Wild Wild WildFire Weather
ContactRelief Consulting Meteorologist Dr. Kevin Levey looks at the wild wildfire weather affected Northern California.
Tuesday, October 17, 2017 8:00:00 AM -05:00
Understanding Wildfire Weather
The big news of the past week has been the catastrophic rural and urban wildfires that have affected the Wine Country of Northern California and more specifically, counties just north of San Francisco, including Napa, Sonoma, Solano, Lake, and Mendocino counties. Over 25 fires began overnight a week ago, in the early hours of Monday morning, 9th October (most probably by downed power lines, although the cause of the fires has yet to be determined). As of Monday 16th October, 40 people have lost their lives, 220,000 acres have burned and an estimated 5700 structures have burned to the ground. Figure 1 below shows the current state of the fires in Northern California as of Monday at 8 AM PDT.
Let’s look at the very rare weather conditions, described as an 11 on a scale of 1 to 10 that took place to create these nightmarish fires that destroyed entire neighborhoods of Santa Rosa, some 65 miles north of San Francisco.
The National Weather Service (NWS) issued a red flag warning well in advance of this devastating event. What is a red flag warning? The NWS defines a red flag warning as follows:
A term used by fire-weather forecasters to call attention to limited weather conditions of particular importance that may result in extreme burning conditions. It is issued when it is an on-going event or the fire weather forecaster has a high degree of confidence that Red Flag criteria will occur within 24 hours of issuance. Red Flag criteria occurs whenever a geographical area has been in a dry spell for a week or two or for a shorter period if before spring green-up or after fall color, and the National Fire Danger Rating System (NFDRS) is high to extreme and the following forecast weather parameters are forecasted to be met:
- A sustained wind average 15 mph or greater
- Relative humidity less than or equal to 25 percent and
- A temperature of greater than 75 degrees F.
In some states, dry lightning and unstable air are criteria and a Fire Weather Watch may be issued before the Red Flag Warning.
October is a critical month for wildfires in California since it is at the end of the dry season with a lot of tinder dry vegetation and is also a very warm month with temperatures above 80°F, low humidity and frequent off-shore wind events, which are typically very hazardous for fire conditions. One only needs to remember the previous devastating firestorm that ravaged the Oakland Hills in October of 1991 during an unusual off-shore or “Diablo Wind” event. Most people are more familiar with the cousin of the Diablo Winds in Southern California, where they are known as the Santa Anna winds. However, very similar weather conditions produce these offshore wind events, but the Diablo Winds are much less commonplace in Northern California. Unfortunately, a complex mix of meteorology, physics, geography, and topography all worked together in a highly unusual Diablo Wind event.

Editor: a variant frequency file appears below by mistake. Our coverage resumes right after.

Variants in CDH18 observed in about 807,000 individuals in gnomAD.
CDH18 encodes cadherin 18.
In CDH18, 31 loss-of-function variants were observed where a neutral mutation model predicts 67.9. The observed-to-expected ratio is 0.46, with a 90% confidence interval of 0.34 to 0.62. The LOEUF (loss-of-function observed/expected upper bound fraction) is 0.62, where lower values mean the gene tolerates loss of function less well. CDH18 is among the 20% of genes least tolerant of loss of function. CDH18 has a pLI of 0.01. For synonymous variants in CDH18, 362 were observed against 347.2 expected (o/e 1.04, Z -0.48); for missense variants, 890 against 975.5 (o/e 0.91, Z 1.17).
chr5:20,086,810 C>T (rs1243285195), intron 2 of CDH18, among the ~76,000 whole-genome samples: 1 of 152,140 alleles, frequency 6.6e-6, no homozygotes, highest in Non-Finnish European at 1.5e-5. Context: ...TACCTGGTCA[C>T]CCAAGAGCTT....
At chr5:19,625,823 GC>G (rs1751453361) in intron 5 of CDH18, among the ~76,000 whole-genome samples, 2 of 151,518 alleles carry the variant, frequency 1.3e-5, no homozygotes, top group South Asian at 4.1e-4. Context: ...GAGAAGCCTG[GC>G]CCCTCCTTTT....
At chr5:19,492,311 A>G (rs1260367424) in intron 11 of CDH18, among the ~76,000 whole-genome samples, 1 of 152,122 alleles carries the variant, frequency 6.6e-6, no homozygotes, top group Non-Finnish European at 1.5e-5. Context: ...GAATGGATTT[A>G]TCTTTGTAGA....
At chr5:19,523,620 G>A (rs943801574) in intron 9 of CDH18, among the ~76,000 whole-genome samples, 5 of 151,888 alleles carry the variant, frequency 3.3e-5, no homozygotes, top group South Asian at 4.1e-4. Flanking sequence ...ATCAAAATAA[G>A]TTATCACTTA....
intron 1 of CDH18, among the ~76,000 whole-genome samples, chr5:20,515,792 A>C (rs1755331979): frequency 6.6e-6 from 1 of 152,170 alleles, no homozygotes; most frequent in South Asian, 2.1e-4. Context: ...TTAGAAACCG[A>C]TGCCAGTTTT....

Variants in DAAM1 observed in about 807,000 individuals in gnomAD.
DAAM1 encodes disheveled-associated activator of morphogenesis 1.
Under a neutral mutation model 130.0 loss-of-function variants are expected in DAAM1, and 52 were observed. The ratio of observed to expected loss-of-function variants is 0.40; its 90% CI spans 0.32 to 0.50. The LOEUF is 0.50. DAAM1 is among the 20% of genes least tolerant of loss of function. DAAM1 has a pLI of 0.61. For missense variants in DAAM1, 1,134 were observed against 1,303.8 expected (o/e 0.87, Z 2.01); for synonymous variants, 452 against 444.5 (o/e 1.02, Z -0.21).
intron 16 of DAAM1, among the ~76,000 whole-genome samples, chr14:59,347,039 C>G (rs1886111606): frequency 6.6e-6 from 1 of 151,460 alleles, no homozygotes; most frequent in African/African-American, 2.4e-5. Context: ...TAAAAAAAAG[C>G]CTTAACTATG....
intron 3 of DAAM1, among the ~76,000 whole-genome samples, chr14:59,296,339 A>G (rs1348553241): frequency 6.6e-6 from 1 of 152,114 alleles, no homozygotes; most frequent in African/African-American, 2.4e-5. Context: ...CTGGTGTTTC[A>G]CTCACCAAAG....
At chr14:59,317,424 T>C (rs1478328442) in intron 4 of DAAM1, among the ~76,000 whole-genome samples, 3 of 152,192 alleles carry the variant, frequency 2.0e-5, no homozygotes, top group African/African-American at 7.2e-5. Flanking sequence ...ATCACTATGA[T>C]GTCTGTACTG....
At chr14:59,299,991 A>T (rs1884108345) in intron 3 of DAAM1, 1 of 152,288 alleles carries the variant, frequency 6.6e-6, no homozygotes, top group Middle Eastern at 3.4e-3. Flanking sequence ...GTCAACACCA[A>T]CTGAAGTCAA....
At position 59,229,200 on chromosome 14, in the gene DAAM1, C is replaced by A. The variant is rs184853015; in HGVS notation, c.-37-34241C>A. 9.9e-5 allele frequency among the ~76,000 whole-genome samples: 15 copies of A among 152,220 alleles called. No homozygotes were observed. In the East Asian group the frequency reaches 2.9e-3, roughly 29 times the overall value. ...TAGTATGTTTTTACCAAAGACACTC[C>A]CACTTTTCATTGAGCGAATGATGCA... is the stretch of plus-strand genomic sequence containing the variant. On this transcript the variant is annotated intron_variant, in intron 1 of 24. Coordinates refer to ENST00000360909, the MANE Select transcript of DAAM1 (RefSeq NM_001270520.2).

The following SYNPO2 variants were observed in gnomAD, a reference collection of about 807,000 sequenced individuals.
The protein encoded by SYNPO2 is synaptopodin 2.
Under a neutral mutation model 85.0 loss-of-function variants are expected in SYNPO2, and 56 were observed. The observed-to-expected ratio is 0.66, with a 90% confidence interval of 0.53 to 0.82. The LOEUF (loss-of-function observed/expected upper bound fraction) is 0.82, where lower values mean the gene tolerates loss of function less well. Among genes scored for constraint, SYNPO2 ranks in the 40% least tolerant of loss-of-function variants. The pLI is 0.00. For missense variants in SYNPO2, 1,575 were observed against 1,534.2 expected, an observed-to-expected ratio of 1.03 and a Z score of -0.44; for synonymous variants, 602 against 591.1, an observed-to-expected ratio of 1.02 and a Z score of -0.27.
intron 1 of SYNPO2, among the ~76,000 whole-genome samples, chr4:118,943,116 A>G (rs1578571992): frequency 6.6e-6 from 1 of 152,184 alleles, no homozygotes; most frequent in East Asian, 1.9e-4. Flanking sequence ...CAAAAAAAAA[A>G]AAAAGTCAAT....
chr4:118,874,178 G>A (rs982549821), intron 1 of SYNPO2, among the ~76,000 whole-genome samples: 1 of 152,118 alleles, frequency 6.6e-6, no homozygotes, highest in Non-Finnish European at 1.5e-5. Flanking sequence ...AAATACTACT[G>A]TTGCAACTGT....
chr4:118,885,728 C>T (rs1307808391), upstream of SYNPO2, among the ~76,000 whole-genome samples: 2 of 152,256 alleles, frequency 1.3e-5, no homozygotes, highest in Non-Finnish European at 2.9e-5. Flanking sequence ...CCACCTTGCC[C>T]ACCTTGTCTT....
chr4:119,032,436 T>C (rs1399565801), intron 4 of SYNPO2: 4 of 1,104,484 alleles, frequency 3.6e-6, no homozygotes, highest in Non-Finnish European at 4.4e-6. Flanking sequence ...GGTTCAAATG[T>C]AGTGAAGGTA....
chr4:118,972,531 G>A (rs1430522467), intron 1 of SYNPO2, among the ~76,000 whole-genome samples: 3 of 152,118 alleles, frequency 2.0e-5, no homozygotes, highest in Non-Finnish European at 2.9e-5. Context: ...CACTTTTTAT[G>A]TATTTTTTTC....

The weather setup that causes strong offshore winds results from a strong high-pressure system (where air is descending and warming and diverging far from its center) that is located over the Great Basin of the United States as shown in Figure 2 below:
Winds blow towards the coast of California from the North East, and as they descend they warm up owing to compression and dry out as a result of evaporation of any clouds in the sky. The strength of the winds is dependent on the pressure gradient (or how much the pressure changes) between the high-pressure system and a low-pressure system off the coast of California. The strongest winds are usually found at higher elevations, especially near the summits of the higher coastal hills and mountains, but topography further enhances wind speeds by being squeezed through canyons of the coastal hills and mountains that abound in Northern and Southern California near the coast. Figure 3 below shows this schematically for the Santa Anna winds, but the theory applies equally for the Diablo winds.
Offshore wind events like these are not very common over the San Francisco Bay Area and areas northwards and rarely warrant a red flag warning. What was unusual about this event, was that the high-pressure system was unusually strong for this time of year and there was a deep low pressure off the coast. Therefore, the NWS forecast winds gusting in excess of 55 mph late Sunday night into Monday morning for the higher elevations of the coastal hills in the San Francisco Bay area, including the counties of Sonoma and Napa, Marin and Santa Cruz. What lead to this event becoming quite rare was the unusual strength of the high pressure creating an inversion or “cap/ceiling” at levels below the summits of the coastal hills and mountains further strengthening the winds blowing down the valleys and canyons (the analogy here is to think of water being squeezed through a narrow ravine – it immediately speeds up). So, unfortunately, for the residents of certain neighborhoods, fires that were started some 16 miles away were enhanced through the hills and mountains just east of Santa Rosa and reached speeds of 70 mph in the canyons and valleys right near the surface for hours on end in the early hours spreading the fires at phenomenal speeds. With winds reaching those speeds, it was essentially like having a blow torch on any embers and existing fires. The result was a conflagration never seen before California. People literally had minutes, if not seconds to evacuate with only the clothes on their backs.
The fires also had another major effect on the region – the worst air quality ever recorded in the region, including San Francisco, with particulate matter from the fires at record, never seen before, highs. Figure 4 below shows the air quality at sunrise on Thursday, 12th October.